Throughout his 25-year career in media, Kevin Brown has fought for the discipline to be a central part of his agencies' strategic and creative ensemble, not the dreaded "five minutes at the end".
But those debates have not prevented him from thinking about generating big ideas that have the power to transform businesses and achieve big, realistic goals for clients.
Brown's career took him from a client role at Nestle, to media executive at BMP, media manager at Bartle Bogle Hegarty, founding partner of BBH's media arm Motive, strategic development director of Starcom Motive, founder of Soul and, once again, BBH.
After selling Soul to Nitro in 2005, Brown rejoined BBH to launch the then new discipline of engagement planning, requiring him to put straightforward media channel thinking up front in the development of strategy and ideas. Here's how he brings that thinking to life and inspires the people around him at BBH, one of the world's most admired advertising cultures.
Tell us about your inspiration.
I'm inspired by simplicity. I get inspiration from the people who help keep life that way: my family, my friends and the very talented people I have been (and am still) lucky to work with. Ideas make life more interesting and keep it simple.
- How do you make your working environment work for you?
When I'm in "doing mode", I thrive in mess. When I'm trying to crack a problem or have an enlightened idea, I need a quiet space, uncluttered and isolated, or I go for a walk around the block.
- How do you turn a good idea into a great one?
There is no such thing as a good idea ... only great ones are ideas. You let the problem you're trying to solve haunt you every minute of every day and night. If you keep pushing, eventually the floodgates open and the beauty of its simplicity begins to liberate you.
- How do you unstick an idea when it's stuck?
Read the brief again and again. The answer often lies in the problem. Then keep talking about it. To as many people as you can get to listen. I like to think I talk less and listen more. I'm always fascinated by difference of opinion. It can be something a work colleague says, or your mates, your mum, your kids. I like thinking based on down-to-earth reality. Common sense. A guru I know once pointed out that the problem with common sense is that it's not very common. Great ideas are ideas that live in the real world.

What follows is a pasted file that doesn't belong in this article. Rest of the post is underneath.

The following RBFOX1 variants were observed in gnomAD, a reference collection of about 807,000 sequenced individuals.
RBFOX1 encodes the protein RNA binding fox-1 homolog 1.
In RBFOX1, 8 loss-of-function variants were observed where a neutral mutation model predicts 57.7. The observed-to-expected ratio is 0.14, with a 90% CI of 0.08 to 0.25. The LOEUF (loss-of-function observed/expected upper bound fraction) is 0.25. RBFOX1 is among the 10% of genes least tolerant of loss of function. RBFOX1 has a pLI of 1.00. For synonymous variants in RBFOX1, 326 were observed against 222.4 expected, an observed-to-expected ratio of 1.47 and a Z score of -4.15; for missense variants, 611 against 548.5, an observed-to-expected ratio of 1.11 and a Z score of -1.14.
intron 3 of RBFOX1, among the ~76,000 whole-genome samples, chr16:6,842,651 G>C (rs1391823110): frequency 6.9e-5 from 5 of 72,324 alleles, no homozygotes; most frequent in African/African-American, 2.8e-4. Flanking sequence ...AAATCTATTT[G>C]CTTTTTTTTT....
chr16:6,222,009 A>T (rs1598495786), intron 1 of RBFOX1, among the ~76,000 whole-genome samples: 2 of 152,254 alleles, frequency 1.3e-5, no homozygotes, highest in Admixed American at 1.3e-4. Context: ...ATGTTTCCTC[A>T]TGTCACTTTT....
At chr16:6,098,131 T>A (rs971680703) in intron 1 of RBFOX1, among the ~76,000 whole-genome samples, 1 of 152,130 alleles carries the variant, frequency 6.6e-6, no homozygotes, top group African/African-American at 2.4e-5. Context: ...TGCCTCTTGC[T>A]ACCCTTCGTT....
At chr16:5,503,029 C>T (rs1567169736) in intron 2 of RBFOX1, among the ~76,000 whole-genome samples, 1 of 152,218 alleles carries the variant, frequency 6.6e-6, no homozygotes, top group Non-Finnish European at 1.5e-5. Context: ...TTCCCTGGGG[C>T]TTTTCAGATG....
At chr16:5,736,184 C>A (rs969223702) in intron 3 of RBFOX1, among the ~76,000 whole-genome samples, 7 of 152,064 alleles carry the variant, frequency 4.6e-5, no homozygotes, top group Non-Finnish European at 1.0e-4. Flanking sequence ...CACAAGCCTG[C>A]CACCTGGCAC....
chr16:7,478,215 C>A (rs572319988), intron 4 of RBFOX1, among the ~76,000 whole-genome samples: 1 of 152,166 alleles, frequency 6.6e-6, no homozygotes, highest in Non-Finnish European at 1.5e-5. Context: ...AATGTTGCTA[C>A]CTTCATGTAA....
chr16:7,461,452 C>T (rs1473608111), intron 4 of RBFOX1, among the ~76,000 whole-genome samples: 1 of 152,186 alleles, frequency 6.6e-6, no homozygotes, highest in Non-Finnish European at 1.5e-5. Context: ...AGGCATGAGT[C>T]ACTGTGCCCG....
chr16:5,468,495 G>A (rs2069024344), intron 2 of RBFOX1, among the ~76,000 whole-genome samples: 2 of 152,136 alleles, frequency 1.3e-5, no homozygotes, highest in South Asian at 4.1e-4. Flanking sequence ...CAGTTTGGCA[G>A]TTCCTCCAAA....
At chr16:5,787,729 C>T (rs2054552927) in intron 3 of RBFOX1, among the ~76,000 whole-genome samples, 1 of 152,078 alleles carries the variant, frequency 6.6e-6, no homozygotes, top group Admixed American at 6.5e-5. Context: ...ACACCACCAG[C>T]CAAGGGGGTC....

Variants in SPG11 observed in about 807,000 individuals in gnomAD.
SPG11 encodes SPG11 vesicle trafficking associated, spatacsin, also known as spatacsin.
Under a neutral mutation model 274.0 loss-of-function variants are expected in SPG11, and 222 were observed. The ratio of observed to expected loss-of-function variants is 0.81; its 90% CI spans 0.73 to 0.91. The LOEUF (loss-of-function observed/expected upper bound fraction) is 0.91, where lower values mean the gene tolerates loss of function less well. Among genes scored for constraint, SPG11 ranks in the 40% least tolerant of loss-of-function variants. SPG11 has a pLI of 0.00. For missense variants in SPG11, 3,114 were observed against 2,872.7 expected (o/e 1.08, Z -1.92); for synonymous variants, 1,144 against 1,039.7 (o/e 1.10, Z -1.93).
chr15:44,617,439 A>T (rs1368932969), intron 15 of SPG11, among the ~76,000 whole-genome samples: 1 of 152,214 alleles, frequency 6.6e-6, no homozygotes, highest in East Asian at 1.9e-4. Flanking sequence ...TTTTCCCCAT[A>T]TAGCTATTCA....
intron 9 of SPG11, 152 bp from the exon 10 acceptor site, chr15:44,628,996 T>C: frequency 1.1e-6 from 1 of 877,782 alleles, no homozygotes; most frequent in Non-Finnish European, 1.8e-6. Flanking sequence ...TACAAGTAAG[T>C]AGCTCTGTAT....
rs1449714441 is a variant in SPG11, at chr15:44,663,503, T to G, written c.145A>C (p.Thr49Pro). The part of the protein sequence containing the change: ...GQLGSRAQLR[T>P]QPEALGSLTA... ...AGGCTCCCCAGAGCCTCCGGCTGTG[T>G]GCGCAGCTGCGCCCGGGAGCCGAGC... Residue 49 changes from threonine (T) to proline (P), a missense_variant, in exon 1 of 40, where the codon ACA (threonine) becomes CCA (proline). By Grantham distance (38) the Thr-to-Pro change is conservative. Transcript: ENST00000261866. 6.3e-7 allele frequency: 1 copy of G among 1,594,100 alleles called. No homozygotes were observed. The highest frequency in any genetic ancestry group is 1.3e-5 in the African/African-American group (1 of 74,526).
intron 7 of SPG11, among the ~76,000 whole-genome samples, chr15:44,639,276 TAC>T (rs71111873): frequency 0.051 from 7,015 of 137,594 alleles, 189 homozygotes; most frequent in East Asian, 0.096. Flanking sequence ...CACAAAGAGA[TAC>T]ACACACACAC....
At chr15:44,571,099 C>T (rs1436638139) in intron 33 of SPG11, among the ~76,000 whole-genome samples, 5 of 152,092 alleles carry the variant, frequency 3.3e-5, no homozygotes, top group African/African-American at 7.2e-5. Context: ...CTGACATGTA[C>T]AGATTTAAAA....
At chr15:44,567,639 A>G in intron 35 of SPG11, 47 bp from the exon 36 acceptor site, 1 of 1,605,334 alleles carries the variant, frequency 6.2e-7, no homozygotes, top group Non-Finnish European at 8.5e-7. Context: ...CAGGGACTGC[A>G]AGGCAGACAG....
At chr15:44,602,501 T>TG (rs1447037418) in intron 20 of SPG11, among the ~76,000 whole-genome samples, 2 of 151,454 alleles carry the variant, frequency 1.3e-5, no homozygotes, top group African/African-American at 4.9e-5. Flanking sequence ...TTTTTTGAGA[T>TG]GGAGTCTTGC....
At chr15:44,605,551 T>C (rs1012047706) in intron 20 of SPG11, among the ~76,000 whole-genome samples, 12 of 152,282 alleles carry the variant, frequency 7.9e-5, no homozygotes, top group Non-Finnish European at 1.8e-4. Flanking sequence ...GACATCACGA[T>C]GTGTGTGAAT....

- Give us a real example of how you came up with a good idea.
I think it would be arrogant to say any ideas I've had in my career are "MY" ideas. John Bartle described planning as "being generous with your ideas". Success has many fathers. So I come up with ideas by being generous and by living on gut instinct as a guiding principle. In my career so far, it's helped create some great campaigns, and led to inventing a brand, and setting up a business.
- Great ideas are often so risky or difficult that frequently they are hacked to pieces. What's your advice for nurturing a gem and selling it to a client?
I can only sell what I believe in. I think clients can smell belief. If you believe in it, you are like a dog with a bone. And that passion is infectious. I think our job as planners is to clearly articulate the magnitude of an idea. How it differentiates. How it adds value. How it's magical. How it's big. A great client used to say to me: "Don't come near my door unless you've got a big idea." His belief was that only big changes to big things create any value. He's right. Small changes to big things are a waste of time.
- What are your creative trade secrets?
Everything can be made better.
- Tell us about a turning point in your career.
It was the end of the 90s. I had spent the first ten years of my career working for two great creative agencies - BMP and BBH. They were pioneers that realised the media discipline was a creative one first and foremost. The separation of media from creative agencies suffocated that opportunity in the late 90s and was the catalyst for me to set up an independent agency called Soul - probably ahead of its time. The industry is now much healthier across the agency world - and media as a creative discipline is beginning to be liberated in many forms and in many places.
- Name the most inspiring person in your working life.
At the moment, it's a black sheep and it lives in many of the great people I work with now.
- You have 24 hours away from professional responsibilities and a brief to re-energise yourself. What will you do?
Playing music is my therapy. We have a cottage in the New Forest where I keep my collection of musical instruments - pianos, guitars, violins, drums, accordions, penny whistles ... and I can lose myself for hours.
- What motivates you?
People who take what they do seriously but not themselves. Those who want to change things for the better.
- What idea should we be taking more seriously?
The power of creativity. It's the magical ingredient. It's the leap from logic. It's hard to do well. I saw an interesting chart the other day from an econometrician showing "creativity" is ten times more likely to create an impact than any other variable in the marketing mix. Sounds logical to me.
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The Ideas People is drawn from major research conducted by The Economist in 2007. It's built on essential truths about the world we live in and The Economist's readership. One is that ideas, not products, are the currency of the modern economy. Another is that Ideas People are the stars of the 21st century. They produce and implement new thinking, they influence others, they have stamina. They are turned on by new ideas and opportunities. Are you an Ideas Person? Go to the quiz at www.theideaspeople.economist.com and find out for yourself.
Kevin Brown is a ... pioneer catalyst builder.